Simple way to round up friends, let them pay individually, and ensure everyone sits together.
Ever tried to organize a bunch of your friends to go to a game or concert? Lots of emails, texts on who is going, who not, how do we pay, where do we sit…. All the back and forth! And then being the debt collector!… ring a bell? We identified a REAL problem that we could all relate to and went about solving for it. The end result: SAP Group Seating app (phone, tablet or PC). We now have a pilot underway with our co-innovation partner, Stanford Department of Athletics. The app connects fans and enriches the social experience of going to a game right from the time they plan to attend one. It reduces the friction associated with group ticket purchasing as folks can purchase tickets individually while still sitting together in their group. The group organizer does not need to worry about paying for all the tickets and subsequently collecting money from all their friends after the game. With this responsive app, anyone can initiate group attendance, rally friends, and organize seating using their desktop, their tablet or their phone. The group organizer simply identifies the event and invites friends using social media or email. He or she can feel free to invite every fan that’s a friend, knowing that there’s no increase in effort with added invitations. Friends get notified via email or Facebook and buy their own tickets anytime before a date close to the event. The app then runs an algorithm that ensures all friends are seated together. Tickets arrive electronically in each guest’s email inbox prior to the event. Instead of worrying about logistics, guests can just focus on face paint, foam fingers and lots of fun ahead.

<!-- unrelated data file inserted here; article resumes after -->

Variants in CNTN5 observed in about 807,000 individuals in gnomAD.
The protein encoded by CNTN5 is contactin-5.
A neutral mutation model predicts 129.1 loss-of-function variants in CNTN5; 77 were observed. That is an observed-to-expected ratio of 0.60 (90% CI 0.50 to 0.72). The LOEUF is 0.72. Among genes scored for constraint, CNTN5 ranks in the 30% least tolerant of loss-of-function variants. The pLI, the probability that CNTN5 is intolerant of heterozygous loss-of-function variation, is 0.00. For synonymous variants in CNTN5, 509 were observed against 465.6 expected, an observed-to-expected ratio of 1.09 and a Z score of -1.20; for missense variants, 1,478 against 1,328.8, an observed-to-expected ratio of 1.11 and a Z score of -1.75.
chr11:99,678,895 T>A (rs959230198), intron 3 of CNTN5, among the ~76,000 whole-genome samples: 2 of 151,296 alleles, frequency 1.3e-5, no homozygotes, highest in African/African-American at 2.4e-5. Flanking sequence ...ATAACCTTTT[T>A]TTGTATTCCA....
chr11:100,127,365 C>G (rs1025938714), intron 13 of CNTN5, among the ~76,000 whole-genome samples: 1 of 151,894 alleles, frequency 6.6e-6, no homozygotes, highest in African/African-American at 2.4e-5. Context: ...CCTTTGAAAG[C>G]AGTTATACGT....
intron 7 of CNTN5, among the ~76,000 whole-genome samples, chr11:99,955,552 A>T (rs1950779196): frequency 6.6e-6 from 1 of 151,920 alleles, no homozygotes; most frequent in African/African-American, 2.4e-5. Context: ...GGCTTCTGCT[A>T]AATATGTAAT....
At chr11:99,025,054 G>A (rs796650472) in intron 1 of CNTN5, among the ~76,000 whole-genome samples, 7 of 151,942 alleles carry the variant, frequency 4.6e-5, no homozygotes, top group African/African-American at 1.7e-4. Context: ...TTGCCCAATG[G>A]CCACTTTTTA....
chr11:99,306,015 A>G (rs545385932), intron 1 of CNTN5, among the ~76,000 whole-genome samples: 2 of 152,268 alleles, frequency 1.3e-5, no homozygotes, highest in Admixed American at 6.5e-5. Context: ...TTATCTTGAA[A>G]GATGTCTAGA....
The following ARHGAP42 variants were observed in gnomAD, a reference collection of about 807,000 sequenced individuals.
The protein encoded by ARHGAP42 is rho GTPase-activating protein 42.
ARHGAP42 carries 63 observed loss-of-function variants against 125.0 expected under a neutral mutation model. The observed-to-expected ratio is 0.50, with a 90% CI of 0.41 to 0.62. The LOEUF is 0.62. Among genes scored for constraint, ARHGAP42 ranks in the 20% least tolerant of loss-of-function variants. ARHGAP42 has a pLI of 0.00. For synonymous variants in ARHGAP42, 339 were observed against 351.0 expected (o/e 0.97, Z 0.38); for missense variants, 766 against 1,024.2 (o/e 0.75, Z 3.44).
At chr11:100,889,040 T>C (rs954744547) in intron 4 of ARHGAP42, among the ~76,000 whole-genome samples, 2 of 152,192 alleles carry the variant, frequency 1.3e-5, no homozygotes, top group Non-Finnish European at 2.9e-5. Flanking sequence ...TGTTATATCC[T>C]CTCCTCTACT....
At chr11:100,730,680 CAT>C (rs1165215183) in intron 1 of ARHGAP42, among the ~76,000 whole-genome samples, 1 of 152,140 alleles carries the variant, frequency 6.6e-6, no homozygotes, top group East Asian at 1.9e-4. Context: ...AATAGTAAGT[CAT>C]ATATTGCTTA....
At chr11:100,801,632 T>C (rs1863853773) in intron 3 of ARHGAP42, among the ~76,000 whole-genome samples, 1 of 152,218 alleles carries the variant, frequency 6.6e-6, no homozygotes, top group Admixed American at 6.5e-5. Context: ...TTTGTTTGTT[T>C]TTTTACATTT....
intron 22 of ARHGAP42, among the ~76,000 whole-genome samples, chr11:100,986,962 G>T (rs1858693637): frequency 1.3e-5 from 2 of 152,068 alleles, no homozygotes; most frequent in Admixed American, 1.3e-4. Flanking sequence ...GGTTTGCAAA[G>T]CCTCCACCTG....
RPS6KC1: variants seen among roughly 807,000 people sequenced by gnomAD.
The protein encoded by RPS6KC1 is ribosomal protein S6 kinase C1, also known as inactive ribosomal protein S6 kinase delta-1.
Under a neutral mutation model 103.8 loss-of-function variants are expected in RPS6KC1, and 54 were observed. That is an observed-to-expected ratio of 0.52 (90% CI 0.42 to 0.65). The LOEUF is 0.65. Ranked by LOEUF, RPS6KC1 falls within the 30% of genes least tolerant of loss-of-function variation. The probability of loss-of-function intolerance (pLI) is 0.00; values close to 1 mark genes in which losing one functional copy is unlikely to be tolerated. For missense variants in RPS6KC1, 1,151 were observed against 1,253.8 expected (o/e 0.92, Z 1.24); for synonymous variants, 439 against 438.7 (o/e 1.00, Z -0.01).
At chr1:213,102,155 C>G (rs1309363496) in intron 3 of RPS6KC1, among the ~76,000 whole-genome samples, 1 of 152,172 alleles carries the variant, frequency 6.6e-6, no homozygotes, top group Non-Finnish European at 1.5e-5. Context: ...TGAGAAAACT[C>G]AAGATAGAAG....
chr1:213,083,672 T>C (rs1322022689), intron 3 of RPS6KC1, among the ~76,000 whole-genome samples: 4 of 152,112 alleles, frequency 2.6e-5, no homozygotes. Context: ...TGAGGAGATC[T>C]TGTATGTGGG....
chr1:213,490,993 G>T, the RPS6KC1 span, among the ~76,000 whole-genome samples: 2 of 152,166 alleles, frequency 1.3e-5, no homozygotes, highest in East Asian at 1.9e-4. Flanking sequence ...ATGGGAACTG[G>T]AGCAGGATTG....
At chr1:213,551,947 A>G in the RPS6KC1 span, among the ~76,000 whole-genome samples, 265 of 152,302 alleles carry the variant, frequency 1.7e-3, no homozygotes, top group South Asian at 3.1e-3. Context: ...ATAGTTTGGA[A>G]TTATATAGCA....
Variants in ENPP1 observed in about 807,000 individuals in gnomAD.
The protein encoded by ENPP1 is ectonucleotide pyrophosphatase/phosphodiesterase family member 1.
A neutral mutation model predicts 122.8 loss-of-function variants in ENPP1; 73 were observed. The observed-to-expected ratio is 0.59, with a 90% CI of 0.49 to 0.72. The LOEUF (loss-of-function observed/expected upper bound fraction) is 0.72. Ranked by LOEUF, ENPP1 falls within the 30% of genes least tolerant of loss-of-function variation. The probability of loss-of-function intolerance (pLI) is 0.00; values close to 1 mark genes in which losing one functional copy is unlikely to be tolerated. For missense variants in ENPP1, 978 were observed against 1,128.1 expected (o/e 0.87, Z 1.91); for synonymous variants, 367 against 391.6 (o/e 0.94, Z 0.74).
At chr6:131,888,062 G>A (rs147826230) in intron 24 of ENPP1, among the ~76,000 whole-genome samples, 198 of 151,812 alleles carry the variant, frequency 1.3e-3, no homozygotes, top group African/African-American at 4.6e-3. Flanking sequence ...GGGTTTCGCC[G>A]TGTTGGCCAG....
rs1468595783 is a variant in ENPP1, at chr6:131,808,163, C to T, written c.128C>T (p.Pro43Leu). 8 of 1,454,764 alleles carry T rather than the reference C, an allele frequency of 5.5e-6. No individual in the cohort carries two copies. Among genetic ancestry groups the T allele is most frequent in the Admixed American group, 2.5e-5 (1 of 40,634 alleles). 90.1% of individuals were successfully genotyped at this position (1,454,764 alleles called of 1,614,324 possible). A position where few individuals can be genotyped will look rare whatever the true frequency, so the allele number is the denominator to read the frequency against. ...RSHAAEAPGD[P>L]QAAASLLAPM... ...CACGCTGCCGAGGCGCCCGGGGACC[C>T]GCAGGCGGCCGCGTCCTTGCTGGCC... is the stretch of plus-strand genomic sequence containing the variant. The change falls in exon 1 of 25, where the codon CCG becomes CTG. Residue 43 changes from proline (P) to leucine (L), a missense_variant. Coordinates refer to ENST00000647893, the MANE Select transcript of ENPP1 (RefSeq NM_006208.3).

Why is this project worthy of a UX Award:
We started this journey with a series of blue-sky workshops in identifying pain points for the Stanford University. We explored personas on a spectrum of avid fans to casual fans to non-fans amongst others, and started by asking ourselves how might we bring the casual fans or the non-fans to the stadium on the game day – with the aid of avid fans. Based on several rounds of user observations and interviews, we found out that people like to tailgate together in groups, but may not end up attending the game, as they don’t have seats next to each other. When asked about the most difficult part of going to the game as a group, one casual fan said “the issue of everyone having purchased tickets separately, so no one is sitting together – the group bonding under such circumstances happens almost exclusively at the tailgate”. With this core problem space identified and backed with solid generative user research, we went about exploring different design concepts. We set out to create an app that would evoke emotions of being simple to use, friendly, casual and fun. We used a wall at the coffee area (yes, high tech, we know!) to gather feedback on visual design directions in our Palo Alto offices where people could look at design options while grabbing their coffee and vote or comment using sticky notes & dry-erase markers. This was only possible because everyone in our offices (however, not on our project), could still relate to the core value of the app. They were all end-users we could readily test with. And the feedback people left us wasn’t only for the visuals, some of the feedback that looked like it was for the visual layer really related to the core interaction design. With simplicity in mind, we designed features such as ease of importing contacts for the organizer. This seamless integration of their existing contacts on different social media channels across Facebook, Gmail, Yahoo! or regular email makes it easy to round up friends and family. Once decided, one can purchase the ticket individually (“Its really cool they can buy their own tickets, and I don’t have to worry about it!” – test participant). There are no big surprises or complex interactions for the user. When testing the app, we heard comments like “That’s straightforward” and “That was easy.” With SAP Group Seating, there’s no worrying about whether seats will be close, and no need to collect money.